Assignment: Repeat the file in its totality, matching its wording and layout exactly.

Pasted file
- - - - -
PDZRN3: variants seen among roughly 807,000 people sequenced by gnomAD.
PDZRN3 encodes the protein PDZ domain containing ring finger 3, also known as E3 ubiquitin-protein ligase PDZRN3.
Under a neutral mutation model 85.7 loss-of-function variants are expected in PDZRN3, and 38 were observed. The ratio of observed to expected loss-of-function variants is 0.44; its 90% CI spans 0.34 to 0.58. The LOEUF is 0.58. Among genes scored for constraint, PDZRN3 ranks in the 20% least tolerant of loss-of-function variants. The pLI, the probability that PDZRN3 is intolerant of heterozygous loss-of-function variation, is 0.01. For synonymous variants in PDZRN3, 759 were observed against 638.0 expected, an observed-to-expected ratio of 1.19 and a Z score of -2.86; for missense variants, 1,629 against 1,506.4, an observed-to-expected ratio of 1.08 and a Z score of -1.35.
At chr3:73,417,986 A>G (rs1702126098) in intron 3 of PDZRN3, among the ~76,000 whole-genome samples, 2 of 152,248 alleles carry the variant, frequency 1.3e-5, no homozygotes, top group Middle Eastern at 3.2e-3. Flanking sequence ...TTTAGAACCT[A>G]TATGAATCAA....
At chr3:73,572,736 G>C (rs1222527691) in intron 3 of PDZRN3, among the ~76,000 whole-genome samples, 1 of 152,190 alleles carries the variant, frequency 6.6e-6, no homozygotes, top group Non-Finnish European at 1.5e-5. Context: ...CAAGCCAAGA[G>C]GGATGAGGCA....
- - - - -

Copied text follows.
PDZRN3: variants seen among roughly 807,000 people sequenced by gnomAD.
PDZRN3 encodes the protein PDZ domain containing ring finger 3, also known as E3 ubiquitin-protein ligase PDZRN3.
Under a neutral mutation model 85.7 loss-of-function variants are expected in PDZRN3, and 38 were observed. The ratio of observed to expected loss-of-function variants is 0.44; its 90% CI spans 0.34 to 0.58. The LOEUF is 0.58. Among genes scored for constraint, PDZRN3 ranks in the 20% least tolerant of loss-of-function variants. The pLI, the probability that PDZRN3 is intolerant of heterozygous loss-of-function variation, is 0.01. For synonymous variants in PDZRN3, 759 were observed against 638.0 expected, an observed-to-expected ratio of 1.19 and a Z score of -2.86; for missense variants, 1,629 against 1,506.4, an observed-to-expected ratio of 1.08 and a Z score of -1.35.
At chr3:73,417,986 A>G (rs1702126098) in intron 3 of PDZRN3, among the ~76,000 whole-genome samples, 2 of 152,248 alleles carry the variant, frequency 1.3e-5, no homozygotes, top group Middle Eastern at 3.2e-3. Flanking sequence ...TTTAGAACCT[A>G]TATGAATCAA....
At chr3:73,572,736 G>C (rs1222527691) in intron 3 of PDZRN3, among the ~76,000 whole-genome samples, 1 of 152,190 alleles carries the variant, frequency 6.6e-6, no homozygotes, top group Non-Finnish European at 1.5e-5. Context: ...CAAGCCAAGA[G>C]GGATGAGGCA....